Premise: The Enterprise discovers an ancient sleeper ship, the SS Botany Bay, which escaped from Earth’s Eugenics Wars in the late 20th century. All of the passengers are somehow preserved in a coma-like state, preventing them from aging, and allowing them to survive for over 200 years. When the Enterprise crew boards the ship, the leader is awakened, and discovered to be war criminal Khan Noonien Singh. The Enterprise’s historian (Lt. McGivers) becomes infatuated with Khan and helps him reanimate his crew and seize control of the Enterprise.
This is obviously a must-see episode. Khan is quite the villain – I can understand why Roddenberry decided to bring him back.
0:41 – On the bridge, the crew is receiving readings from a nearby ship. Spock states that the origin is unknown and that it “could hardly be an Earth ship, there have been no flights into this sector for years.” However, Uhura picks up a Morse Code signal that indicates it IS an Earth ship after all. Kirk calls Spock out on his assumption:
Kirk: “I thought you said it couldn’t possibly be an Earth vessel.”
Spock: “I don’t understand why it always gives you pleasure to see me proven wrong.”
Kirk: [Smile/smirk] “An emotional, Earth weakness of mine.”
Spock got a bit defensive there! 😉 I always love the quippy rapport between the two.
The description of what was happening on Earth in the mid-1990s is really interesting. My mid-90s teenage years would have been pretty awful if this stuff were true:
- “A lot of unanswered questions about those years.”
- “A strange & violent period in Earth’s history.”
- “The era of your last so-called World War.”
- “On the verge of a Dark Ages. Whole populations were being bombed out of existence.”
- “A group of these young supermen did seize power simultaneously in over 40 nations.”
- “Dozens of petty dictatorships.”
Although this one’s not so bad:
- “Men were more adventuresome then. Bolder. More colorful.” 😉
14:50 – Unsurprisingly, when you’ve been in a coma for ~300 years, you REALLY need to stretch and flex when you first wake up. Here are some shots of Khan’s hilarious stretches:
16:00 – Bones is a Badass. Who knew? Shortly after Khan awakens, Doc McCoy comes in to check on him. Khan pretends to be asleep, and then grabs McCoy by the neck and holds a scalpel to his throat. Bones holds steady in the face of Khan’s threats and simply instructs Khan on the best way to kill him: “It would be most effective if you cut the carotid.” His display of bravery disarms the mighty Khan.
31:15 – Kirk, Spock, Bones, and Scotty are sitting around a table discussing Khan and his past rule on Earth. Spock is surprised that the other three are describing Khan with an air of admiration. I enjoyed this dialogue between the characters – Spock is the odd-Vulcan-out in terms of his sentiments on Khan and the others tease him a little bit:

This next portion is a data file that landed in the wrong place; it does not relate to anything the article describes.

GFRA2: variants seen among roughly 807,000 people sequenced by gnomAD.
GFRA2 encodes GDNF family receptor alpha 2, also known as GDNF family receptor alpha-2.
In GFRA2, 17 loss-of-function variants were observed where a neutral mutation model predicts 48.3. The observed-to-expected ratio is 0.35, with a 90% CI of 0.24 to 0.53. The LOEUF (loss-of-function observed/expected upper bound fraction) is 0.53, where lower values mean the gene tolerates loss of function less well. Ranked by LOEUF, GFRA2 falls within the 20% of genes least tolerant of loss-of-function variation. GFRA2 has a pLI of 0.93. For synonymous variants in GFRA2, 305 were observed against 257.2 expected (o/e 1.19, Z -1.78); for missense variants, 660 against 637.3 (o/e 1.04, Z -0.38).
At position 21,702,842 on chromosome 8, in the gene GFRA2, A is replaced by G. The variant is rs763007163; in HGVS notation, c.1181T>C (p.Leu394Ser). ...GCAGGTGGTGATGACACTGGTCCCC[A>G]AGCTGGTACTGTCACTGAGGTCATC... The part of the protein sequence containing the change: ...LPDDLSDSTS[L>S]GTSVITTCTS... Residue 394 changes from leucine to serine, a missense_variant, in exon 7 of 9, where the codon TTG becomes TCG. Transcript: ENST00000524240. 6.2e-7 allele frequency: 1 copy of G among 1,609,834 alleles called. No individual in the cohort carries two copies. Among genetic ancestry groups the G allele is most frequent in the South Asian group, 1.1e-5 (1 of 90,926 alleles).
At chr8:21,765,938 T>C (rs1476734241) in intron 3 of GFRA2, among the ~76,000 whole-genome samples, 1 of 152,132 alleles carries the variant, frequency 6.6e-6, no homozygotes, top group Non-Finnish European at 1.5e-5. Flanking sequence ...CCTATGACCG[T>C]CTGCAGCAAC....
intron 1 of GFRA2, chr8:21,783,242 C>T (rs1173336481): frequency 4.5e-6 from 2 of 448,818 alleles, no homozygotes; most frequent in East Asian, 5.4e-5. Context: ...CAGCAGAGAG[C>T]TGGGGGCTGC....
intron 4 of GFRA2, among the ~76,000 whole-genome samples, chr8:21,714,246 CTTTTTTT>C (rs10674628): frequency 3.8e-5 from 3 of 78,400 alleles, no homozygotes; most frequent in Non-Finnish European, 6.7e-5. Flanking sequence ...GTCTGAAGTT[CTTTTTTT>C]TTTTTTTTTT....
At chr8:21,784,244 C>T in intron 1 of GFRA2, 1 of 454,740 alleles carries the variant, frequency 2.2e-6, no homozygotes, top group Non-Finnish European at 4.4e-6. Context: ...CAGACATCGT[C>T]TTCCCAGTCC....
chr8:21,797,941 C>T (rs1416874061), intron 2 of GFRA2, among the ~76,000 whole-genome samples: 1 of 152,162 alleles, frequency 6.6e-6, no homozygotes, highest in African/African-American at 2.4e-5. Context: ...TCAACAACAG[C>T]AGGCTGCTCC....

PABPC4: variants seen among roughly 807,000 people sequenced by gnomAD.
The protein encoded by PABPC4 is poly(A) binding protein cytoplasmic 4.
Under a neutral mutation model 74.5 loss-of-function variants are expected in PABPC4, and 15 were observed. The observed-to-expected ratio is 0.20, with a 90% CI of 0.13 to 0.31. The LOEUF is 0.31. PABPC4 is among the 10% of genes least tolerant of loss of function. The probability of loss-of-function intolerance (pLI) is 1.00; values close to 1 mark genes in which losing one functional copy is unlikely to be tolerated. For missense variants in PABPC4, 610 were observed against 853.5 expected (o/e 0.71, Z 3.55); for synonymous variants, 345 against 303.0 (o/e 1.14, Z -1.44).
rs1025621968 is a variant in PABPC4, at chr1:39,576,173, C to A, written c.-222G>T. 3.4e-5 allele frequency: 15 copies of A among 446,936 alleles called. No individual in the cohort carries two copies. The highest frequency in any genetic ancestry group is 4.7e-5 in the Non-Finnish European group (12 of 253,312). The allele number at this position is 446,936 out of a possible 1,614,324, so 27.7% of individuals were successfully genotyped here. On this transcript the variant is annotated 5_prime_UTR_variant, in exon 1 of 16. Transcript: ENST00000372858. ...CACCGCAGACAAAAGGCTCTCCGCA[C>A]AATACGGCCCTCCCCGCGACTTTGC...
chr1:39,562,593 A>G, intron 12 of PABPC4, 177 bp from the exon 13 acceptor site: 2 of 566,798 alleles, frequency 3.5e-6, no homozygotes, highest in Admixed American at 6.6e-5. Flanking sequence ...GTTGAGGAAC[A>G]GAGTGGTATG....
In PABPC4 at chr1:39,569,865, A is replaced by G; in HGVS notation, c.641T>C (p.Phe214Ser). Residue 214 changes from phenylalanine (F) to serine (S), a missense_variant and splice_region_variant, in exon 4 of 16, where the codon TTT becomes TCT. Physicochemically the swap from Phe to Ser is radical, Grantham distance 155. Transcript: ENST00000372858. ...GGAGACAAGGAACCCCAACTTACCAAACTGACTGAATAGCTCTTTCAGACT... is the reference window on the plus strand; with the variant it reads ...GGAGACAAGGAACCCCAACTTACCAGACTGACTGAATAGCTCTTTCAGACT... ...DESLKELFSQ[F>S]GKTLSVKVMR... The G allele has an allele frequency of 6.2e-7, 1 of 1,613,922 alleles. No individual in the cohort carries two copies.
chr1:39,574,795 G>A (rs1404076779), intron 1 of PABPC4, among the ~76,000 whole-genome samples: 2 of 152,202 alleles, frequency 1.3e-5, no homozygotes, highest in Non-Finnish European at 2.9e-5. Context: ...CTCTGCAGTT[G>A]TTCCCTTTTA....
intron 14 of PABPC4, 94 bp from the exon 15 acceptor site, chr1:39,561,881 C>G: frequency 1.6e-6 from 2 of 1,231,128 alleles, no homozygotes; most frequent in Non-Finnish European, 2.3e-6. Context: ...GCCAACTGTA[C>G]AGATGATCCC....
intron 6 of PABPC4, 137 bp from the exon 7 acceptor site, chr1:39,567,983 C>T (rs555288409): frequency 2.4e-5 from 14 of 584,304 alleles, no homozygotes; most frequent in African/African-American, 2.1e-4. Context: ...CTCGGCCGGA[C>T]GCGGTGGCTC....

Kirk: “He was the best of the tyrants, and the most dangerous. They were Supermen, in a sense – stronger, braver, certainly more ambitious, more daring.
Spock: [Confused & concerned] “This romanticism about a ruthless dictator is -”
Kirk: “Spock, we humans have a streak of barbarism in us. Appalling, but there, nevertheless.
Scotty: “There were no massacres under his rule.”
Spock: “And little freedom.”
McCoy: “No wars, until he was attacked.”
Spock: [Baffled] “Gentlemen…”
[Kirk, McCoy, and Scotty all break into laughter.]
Kirk: “Mr. Spock, you misunderstand us. We can be against him and admire him, all at the same time.”
Spock: [Pause] “Illogical.”
40:00 – Oh God, Kirk is stuck in a washing machine! Get him out!!
Some comments on the Khans
It was strange and interesting to watch this episode for the first time right after seeing Star Trek: Into Darkness. Of course I had heard of Khan, but I had not seen Space Seed or Wrath of Khan. Thus, Benedict Cumberbatch was my first introduction to the character. Although Cumberbatch was incredible, I can see why lots of fans were dismayed that a white actor was chosen. After watching Space Seed, the two don’t really feel like the same entity, although not just because of race. The TOS version of Khan (played by Ricardo Montalban, a Mexican actor) is more suave, more complex, more human, whereas Cumberbatch’s Khan is cold to the point of seeming robotic. They are both equally evil and creepy, though. I can’t really imagine Cumberbatch’s Khan being a dictator in the 1990s – he seems more keen on infiltrating and destroying than conquering and ruling. I still have a lot to learn about Khan from Star Trek II, so I’ll provide more comments when I get there!
TO BE CONTINUED….I will write more in a second post on Space Seed!